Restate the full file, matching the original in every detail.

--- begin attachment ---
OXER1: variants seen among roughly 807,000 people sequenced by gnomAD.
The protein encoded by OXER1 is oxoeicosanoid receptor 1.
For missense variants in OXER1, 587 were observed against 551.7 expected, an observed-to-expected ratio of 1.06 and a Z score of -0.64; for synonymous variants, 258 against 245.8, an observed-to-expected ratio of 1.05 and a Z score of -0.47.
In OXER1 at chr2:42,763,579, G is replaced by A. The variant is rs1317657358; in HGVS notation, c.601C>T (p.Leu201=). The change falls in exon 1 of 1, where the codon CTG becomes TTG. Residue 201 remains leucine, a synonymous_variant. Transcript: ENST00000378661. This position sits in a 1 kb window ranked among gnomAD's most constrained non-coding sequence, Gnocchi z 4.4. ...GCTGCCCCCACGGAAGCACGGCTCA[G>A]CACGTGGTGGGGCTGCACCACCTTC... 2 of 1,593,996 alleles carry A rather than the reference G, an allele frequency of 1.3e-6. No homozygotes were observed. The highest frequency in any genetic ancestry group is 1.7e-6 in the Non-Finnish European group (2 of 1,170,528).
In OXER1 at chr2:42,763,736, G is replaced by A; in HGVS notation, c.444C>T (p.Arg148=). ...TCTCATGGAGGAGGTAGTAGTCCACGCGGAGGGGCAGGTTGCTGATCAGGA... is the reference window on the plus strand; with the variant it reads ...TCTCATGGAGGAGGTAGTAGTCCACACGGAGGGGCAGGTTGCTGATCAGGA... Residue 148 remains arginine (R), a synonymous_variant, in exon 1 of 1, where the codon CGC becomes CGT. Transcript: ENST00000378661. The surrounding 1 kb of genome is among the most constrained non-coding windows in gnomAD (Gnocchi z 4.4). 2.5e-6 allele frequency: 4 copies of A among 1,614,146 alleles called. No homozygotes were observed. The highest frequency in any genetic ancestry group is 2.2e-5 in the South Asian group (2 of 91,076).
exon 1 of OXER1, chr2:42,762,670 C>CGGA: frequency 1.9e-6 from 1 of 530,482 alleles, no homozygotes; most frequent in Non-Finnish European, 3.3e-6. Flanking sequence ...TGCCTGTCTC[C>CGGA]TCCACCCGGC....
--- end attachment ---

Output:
OXER1: variants seen among roughly 807,000 people sequenced by gnomAD.
The protein encoded by OXER1 is oxoeicosanoid receptor 1.
For missense variants in OXER1, 587 were observed against 551.7 expected, an observed-to-expected ratio of 1.06 and a Z score of -0.64; for synonymous variants, 258 against 245.8, an observed-to-expected ratio of 1.05 and a Z score of -0.47.
In OXER1 at chr2:42,763,579, G is replaced by A. The variant is rs1317657358; in HGVS notation, c.601C>T (p.Leu201=). The change falls in exon 1 of 1, where the codon CTG becomes TTG. Residue 201 remains leucine, a synonymous_variant. Transcript: ENST00000378661. This position sits in a 1 kb window ranked among gnomAD's most constrained non-coding sequence, Gnocchi z 4.4. ...GCTGCCCCCACGGAAGCACGGCTCA[G>A]CACGTGGTGGGGCTGCACCACCTTC... 2 of 1,593,996 alleles carry A rather than the reference G, an allele frequency of 1.3e-6. No homozygotes were observed. The highest frequency in any genetic ancestry group is 1.7e-6 in the Non-Finnish European group (2 of 1,170,528).
In OXER1 at chr2:42,763,736, G is replaced by A; in HGVS notation, c.444C>T (p.Arg148=). ...TCTCATGGAGGAGGTAGTAGTCCACGCGGAGGGGCAGGTTGCTGATCAGGA... is the reference window on the plus strand; with the variant it reads ...TCTCATGGAGGAGGTAGTAGTCCACACGGAGGGGCAGGTTGCTGATCAGGA... Residue 148 remains arginine (R), a synonymous_variant, in exon 1 of 1, where the codon CGC becomes CGT. Transcript: ENST00000378661. The surrounding 1 kb of genome is among the most constrained non-coding windows in gnomAD (Gnocchi z 4.4). 2.5e-6 allele frequency: 4 copies of A among 1,614,146 alleles called. No homozygotes were observed. The highest frequency in any genetic ancestry group is 2.2e-5 in the South Asian group (2 of 91,076).
exon 1 of OXER1, chr2:42,762,670 C>CGGA: frequency 1.9e-6 from 1 of 530,482 alleles, no homozygotes; most frequent in Non-Finnish European, 3.3e-6. Flanking sequence ...TGCCTGTCTC[C>CGGA]TCCACCCGGC....